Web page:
The plan I had for my career has not always been how it looks now, but over time it evolved. Luckily, I have been part of teams that have always focused on chasing down technology innovations and improving how we can work, fortunately the direction in my career was forward moving, however it did not always go as planned.
LBB> You also spoke about how critical thinking is creative - can you tell me more about how you came to this school of thought?
Anthony> This was said to provoke thought about how we approach creative problem solving. I am aware that critical thinking and creative thinking are different, however, I tend to believe they nicely complement each other.
Critical thinking is focused on determining the probability of an outcome and requires judgments that are logical and well-thought out. While creative thinking is more focused on what may be possible. It allows for creating something new that serves a new purpose or performs even better than something that already exists in its place.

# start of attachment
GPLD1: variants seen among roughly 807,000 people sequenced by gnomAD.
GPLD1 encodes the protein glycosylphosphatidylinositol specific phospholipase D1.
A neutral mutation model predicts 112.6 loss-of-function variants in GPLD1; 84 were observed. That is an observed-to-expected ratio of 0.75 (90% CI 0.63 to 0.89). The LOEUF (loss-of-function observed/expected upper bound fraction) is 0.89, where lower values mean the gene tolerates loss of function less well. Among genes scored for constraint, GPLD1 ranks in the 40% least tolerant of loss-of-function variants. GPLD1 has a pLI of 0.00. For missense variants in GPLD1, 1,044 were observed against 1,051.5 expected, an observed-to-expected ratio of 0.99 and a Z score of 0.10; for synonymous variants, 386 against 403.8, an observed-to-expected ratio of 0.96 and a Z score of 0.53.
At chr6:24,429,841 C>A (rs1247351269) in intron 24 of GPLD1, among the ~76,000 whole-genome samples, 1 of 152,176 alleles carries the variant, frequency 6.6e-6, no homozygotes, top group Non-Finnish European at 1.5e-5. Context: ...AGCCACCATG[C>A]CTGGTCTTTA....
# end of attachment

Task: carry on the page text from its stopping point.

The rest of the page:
LBB> You previously mentioned how earlier in your career there was a Mac in the corner of a room, and you started playing with it. What is your approach to new technology?
Anthony> I think in this example, I was fuelled by the curiosity of how a Mac worked and the desire to learn what it can potentially do. I was enthusiastic to have a hands-on experience with something new that was being positioned to change how the entire publishing industry operates.
It was being promised to replace the art creation process and the need for art directors, publishers, and printers to physically design their artwork and documents. It was like having a solution in the search of the next problem to solve. I suppose, I address new technology the same way. What does it do? What is its purpose? What needs does it satisfy?